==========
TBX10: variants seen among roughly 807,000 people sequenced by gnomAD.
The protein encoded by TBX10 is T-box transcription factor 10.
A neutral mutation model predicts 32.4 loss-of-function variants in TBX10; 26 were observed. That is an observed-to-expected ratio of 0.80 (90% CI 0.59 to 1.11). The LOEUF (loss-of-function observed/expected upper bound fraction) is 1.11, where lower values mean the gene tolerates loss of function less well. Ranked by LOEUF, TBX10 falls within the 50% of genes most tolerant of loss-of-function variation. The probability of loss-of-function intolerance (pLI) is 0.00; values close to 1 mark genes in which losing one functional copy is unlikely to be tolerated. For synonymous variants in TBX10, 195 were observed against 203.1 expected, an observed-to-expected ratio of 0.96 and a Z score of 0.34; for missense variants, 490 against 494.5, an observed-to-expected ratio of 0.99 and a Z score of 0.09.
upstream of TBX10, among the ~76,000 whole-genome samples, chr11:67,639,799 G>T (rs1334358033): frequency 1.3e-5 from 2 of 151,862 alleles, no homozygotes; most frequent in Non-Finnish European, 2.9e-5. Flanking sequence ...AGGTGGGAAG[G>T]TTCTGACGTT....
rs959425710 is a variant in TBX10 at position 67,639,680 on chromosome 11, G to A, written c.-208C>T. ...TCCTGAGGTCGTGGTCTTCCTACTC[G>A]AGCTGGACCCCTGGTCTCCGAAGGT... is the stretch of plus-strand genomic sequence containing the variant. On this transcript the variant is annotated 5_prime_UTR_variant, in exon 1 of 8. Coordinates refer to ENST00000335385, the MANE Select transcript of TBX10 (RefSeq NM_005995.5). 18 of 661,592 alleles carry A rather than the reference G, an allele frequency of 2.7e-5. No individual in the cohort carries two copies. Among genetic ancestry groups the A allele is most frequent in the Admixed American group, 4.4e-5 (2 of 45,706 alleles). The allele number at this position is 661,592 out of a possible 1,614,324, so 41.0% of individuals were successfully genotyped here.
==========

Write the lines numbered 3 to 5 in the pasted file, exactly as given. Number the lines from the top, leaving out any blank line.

A neutral mutation model predicts 32.4 loss-of-function variants in TBX10; 26 were observed. That is an observed-to-expected ratio of 0.80 (90% CI 0.59 to 1.11). The LOEUF (loss-of-function observed/expected upper bound fraction) is 1.11, where lower values mean the gene tolerates loss of function less well. Ranked by LOEUF, TBX10 falls within the 50% of genes most tolerant of loss-of-function variation. The probability of loss-of-function intolerance (pLI) is 0.00; values close to 1 mark genes in which losing one functional copy is unlikely to be tolerated. For synonymous variants in TBX10, 195 were observed against 203.1 expected, an observed-to-expected ratio of 0.96 and a Z score of 0.34; for missense variants, 490 against 494.5, an observed-to-expected ratio of 0.99 and a Z score of 0.09.
upstream of TBX10, among the ~76,000 whole-genome samples, chr11:67,639,799 G>T (rs1334358033): frequency 1.3e-5 from 2 of 151,862 alleles, no homozygotes; most frequent in Non-Finnish European, 2.9e-5. Flanking sequence ...AGGTGGGAAG[G>T]TTCTGACGTT....
rs959425710 is a variant in TBX10 at position 67,639,680 on chromosome 11, G to A, written c.-208C>T. ...TCCTGAGGTCGTGGTCTTCCTACTC[G>A]AGCTGGACCCCTGGTCTCCGAAGGT... is the stretch of plus-strand genomic sequence containing the variant. On this transcript the variant is annotated 5_prime_UTR_variant, in exon 1 of 8. Coordinates refer to ENST00000335385, the MANE Select transcript of TBX10 (RefSeq NM_005995.5). 18 of 661,592 alleles carry A rather than the reference G, an allele frequency of 2.7e-5. No individual in the cohort carries two copies. Among genetic ancestry groups the A allele is most frequent in the Admixed American group, 4.4e-5 (2 of 45,706 alleles). The allele number at this position is 661,592 out of a possible 1,614,324, so 41.0% of individuals were successfully genotyped here.